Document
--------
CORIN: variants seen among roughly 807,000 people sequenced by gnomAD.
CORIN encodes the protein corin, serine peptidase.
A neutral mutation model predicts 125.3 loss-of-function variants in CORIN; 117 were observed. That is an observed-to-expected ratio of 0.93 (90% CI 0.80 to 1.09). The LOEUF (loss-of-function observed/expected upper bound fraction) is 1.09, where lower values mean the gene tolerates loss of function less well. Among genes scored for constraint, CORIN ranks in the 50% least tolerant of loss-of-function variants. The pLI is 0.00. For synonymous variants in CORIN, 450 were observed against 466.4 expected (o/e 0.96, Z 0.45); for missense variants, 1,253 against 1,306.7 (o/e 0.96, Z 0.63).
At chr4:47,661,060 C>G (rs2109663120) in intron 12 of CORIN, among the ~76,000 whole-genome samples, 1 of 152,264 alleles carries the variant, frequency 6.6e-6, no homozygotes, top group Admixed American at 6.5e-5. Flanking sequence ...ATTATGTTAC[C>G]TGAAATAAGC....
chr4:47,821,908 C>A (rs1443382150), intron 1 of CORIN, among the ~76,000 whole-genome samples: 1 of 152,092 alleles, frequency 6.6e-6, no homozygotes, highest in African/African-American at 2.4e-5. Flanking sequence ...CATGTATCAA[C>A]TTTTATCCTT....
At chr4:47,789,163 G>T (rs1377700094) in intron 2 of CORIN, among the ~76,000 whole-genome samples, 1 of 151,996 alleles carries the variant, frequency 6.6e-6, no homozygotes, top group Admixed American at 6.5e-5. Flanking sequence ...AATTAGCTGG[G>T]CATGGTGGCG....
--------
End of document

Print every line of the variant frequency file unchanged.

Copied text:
CORIN: variants seen among roughly 807,000 people sequenced by gnomAD.
CORIN encodes the protein corin, serine peptidase.
A neutral mutation model predicts 125.3 loss-of-function variants in CORIN; 117 were observed. That is an observed-to-expected ratio of 0.93 (90% CI 0.80 to 1.09). The LOEUF (loss-of-function observed/expected upper bound fraction) is 1.09, where lower values mean the gene tolerates loss of function less well. Among genes scored for constraint, CORIN ranks in the 50% least tolerant of loss-of-function variants. The pLI is 0.00. For synonymous variants in CORIN, 450 were observed against 466.4 expected (o/e 0.96, Z 0.45); for missense variants, 1,253 against 1,306.7 (o/e 0.96, Z 0.63).
At chr4:47,661,060 C>G (rs2109663120) in intron 12 of CORIN, among the ~76,000 whole-genome samples, 1 of 152,264 alleles carries the variant, frequency 6.6e-6, no homozygotes, top group Admixed American at 6.5e-5. Flanking sequence ...ATTATGTTAC[C>G]TGAAATAAGC....
chr4:47,821,908 C>A (rs1443382150), intron 1 of CORIN, among the ~76,000 whole-genome samples: 1 of 152,092 alleles, frequency 6.6e-6, no homozygotes, highest in African/African-American at 2.4e-5. Flanking sequence ...CATGTATCAA[C>A]TTTTATCCTT....
At chr4:47,789,163 G>T (rs1377700094) in intron 2 of CORIN, among the ~76,000 whole-genome samples, 1 of 151,996 alleles carries the variant, frequency 6.6e-6, no homozygotes, top group Admixed American at 6.5e-5. Flanking sequence ...AATTAGCTGG[G>T]CATGGTGGCG....